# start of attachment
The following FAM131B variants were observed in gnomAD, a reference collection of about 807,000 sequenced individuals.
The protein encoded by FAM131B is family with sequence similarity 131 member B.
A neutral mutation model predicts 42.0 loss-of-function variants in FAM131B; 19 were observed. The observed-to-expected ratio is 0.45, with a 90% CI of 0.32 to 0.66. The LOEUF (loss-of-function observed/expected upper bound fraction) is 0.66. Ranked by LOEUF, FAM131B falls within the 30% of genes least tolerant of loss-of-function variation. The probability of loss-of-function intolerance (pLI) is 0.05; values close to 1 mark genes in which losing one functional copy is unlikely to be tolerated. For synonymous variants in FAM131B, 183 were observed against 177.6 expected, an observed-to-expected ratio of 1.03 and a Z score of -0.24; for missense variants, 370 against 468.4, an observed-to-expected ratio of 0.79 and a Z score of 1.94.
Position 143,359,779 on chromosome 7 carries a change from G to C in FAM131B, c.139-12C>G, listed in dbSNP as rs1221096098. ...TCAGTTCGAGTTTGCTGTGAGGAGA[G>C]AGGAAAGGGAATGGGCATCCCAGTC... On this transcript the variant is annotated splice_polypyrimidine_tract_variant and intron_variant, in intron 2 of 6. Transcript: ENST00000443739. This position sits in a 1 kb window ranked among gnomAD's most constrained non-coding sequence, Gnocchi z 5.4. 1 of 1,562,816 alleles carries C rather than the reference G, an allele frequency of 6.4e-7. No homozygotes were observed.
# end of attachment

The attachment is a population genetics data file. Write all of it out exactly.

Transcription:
The following FAM131B variants were observed in gnomAD, a reference collection of about 807,000 sequenced individuals.
The protein encoded by FAM131B is family with sequence similarity 131 member B.
A neutral mutation model predicts 42.0 loss-of-function variants in FAM131B; 19 were observed. The observed-to-expected ratio is 0.45, with a 90% CI of 0.32 to 0.66. The LOEUF (loss-of-function observed/expected upper bound fraction) is 0.66. Ranked by LOEUF, FAM131B falls within the 30% of genes least tolerant of loss-of-function variation. The probability of loss-of-function intolerance (pLI) is 0.05; values close to 1 mark genes in which losing one functional copy is unlikely to be tolerated. For synonymous variants in FAM131B, 183 were observed against 177.6 expected, an observed-to-expected ratio of 1.03 and a Z score of -0.24; for missense variants, 370 against 468.4, an observed-to-expected ratio of 0.79 and a Z score of 1.94.
Position 143,359,779 on chromosome 7 carries a change from G to C in FAM131B, c.139-12C>G, listed in dbSNP as rs1221096098. ...TCAGTTCGAGTTTGCTGTGAGGAGA[G>C]AGGAAAGGGAATGGGCATCCCAGTC... On this transcript the variant is annotated splice_polypyrimidine_tract_variant and intron_variant, in intron 2 of 6. Transcript: ENST00000443739. This position sits in a 1 kb window ranked among gnomAD's most constrained non-coding sequence, Gnocchi z 5.4. 1 of 1,562,816 alleles carries C rather than the reference G, an allele frequency of 6.4e-7. No homozygotes were observed.